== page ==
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The Rule of Three is sacred in comedy. But what happens when you get three disparate punchlines?
With the 2010 Triple Crown series now complete, you tend to assess the terrain, glimpse into the months ahead as we wish for Whitney and Travers and Jockey Club Gold Cup heroics this summer in the race to the Breeders' Cup.
I can't complain. I did reasonably well in the Kentucky Derby, the Preakness Stakes and last Saturday's Belmont Stakes.
Drosselmeyer ran his tortoise-steady race and "pulled away" down the middle of the track to beat Fly Down by almost a length. Fly Down got in at the last stride or two to nip First Dude, who set the pace but couldn't wire it. It was the slowest Belmont Stakes in 15 years.
Daily Racing Form national handicapper Mike Watchmaker put it in perspective. "Drosselmeyer's final time of 2:31.57 for the 1 1/2 miles was slow. Really slow. This was the slowest Belmont Stakes since Thunder Gulch's (2:32) in 1995, which was the slowest fast-track Belmont since Bounding Home's (2:32.20) in 1944. Drosselmeyer's winning Beyer Speed Figure was only 94, the lowest since Beyers were first published for the Belmont back in 1990, and just the second to fail to reach triple digits."
If you think the Derby is tough to handicap, with 20 horses in the gate, the Belmont is just as tough when you consider the 12-furlongs distance and a middling crop of 3-year olds. The Derby and Preakness winners weren't even watching from the stands.
Hall of Fame trainer Bill Mott won his first Triple Crown race and jockey Mike Smith won his first Belmont. Nice. But perhaps typically, one of the more interesting events was when Uptowncharlybrown lost an 8-pound lead weight from his saddle. Weights are placed in the saddle to equalize with the jockey the required weight for the race. In the Belmont, it was 126 pounds.
Jockey Rajiv Maragh said he felt the saddle move when it happened on the backstretch. No brainer, the horse was disqualified to last. But the kicker was that he finished fifth, just out of the superfecta. If he had finished in the top four, look out. It seemed to me the race became official fairly quickly, so you wonder if payouts would have been made had he finished higher.
Big Z's LIttle Owners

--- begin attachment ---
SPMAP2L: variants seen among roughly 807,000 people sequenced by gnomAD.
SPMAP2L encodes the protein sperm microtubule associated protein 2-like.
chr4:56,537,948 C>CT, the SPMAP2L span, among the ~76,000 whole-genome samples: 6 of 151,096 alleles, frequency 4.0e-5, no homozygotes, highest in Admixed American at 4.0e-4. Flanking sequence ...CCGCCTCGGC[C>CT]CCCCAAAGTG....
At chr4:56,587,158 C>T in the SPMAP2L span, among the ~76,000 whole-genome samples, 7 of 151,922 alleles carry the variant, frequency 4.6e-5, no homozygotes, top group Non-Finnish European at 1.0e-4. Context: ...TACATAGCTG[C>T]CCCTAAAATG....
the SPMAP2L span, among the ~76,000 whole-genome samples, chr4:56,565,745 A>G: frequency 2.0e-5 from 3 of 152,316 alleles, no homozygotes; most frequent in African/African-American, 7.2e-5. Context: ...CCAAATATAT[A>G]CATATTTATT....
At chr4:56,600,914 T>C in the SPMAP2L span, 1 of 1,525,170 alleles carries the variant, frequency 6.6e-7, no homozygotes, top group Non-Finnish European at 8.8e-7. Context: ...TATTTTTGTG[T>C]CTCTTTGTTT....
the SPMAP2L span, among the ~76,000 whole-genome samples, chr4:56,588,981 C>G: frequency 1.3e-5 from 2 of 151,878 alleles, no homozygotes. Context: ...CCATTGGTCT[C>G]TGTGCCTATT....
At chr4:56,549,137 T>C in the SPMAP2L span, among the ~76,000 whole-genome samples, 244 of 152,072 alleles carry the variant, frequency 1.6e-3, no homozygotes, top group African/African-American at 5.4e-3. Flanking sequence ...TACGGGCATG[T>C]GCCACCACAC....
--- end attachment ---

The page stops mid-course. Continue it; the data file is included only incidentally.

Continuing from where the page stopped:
Lord knows racing's got problems. But it doesn't help when the connections of one of the most dazzling horses in the land choose the selfish route of maintaining maintaining her perfect record over taking on the top Thoroughbred competition they can.
Zenyatta runs Sunday in the Vanity Handicap at Hollywood Park and will be pointed to the August 9 Clement Hirsch at Del Mar. So it's a case of maintaining that old home court advantage against less-than-stellar competition.
Jerry Moss and John Shireffs, why not the Stephen Foster at Churchill Downs Saturday against the boys in a Grade I? Plus, that would give you a race over the Churchill dirt, where the Breeders Cup will be run this autumn.
But, do you know how hard it is to ship a horse over the Rocky Mountains? Seriously, Zenyatta's people said that.
And the horse whisperer was mucking his particular brand of BS: ""When they decided to bring Zenyatta back, it was about having fun with her," Shirreffs said. "Sometimes [stakes] don't fit in the schedule, and the most important concern is Zenyatta and the best care possible for her. She comes first. The races don't come first."
Add to that, neither do the fans.
However, the gratification jones Moss and Shireffs chase could get tripped up this week. Zenyatta will face Zardana, who impressively beat Rachel Alexandra earlier this year, and St. Trinians, a talented horse looking to bounce back from a couple of tough outings.
Speaking of Rachel Alexandra, she comes back Saturday to run in the Fleur De Lis at Churchill Downs.
It appears to be an easy spot for her and she needs it. She's been beaten twice this year in two starts and whispers about her losing a step after last year's sensational campaign are quite loud.
Don't bet on her ever racing Zenyatta. Racing's honchos are too impotent to get that done. But pull for Rachel to get her form back and put together a successful 2010.
Churchill Downs Inc. seems to lead the way in racing in assembling the typical corporate marketing department. You know, the "team" that thinks it can market its way out of or into anything.
You can't delude yourself into thinking Arlington Park's racing program is top-notch. Not by any means. But they do have this stuff going for them, so that's good. You might even get 3-1 or better on the chalk in the baggo tournament.
Thomas Chambers is our man on the rail. He brings you TrackNotes (nearly) every Friday. He welcomes your comments.
We have a Rafael Palmeiro sighting!Continue reading "The Ex-Cub Factor" »
Posted on Jun 21, 2018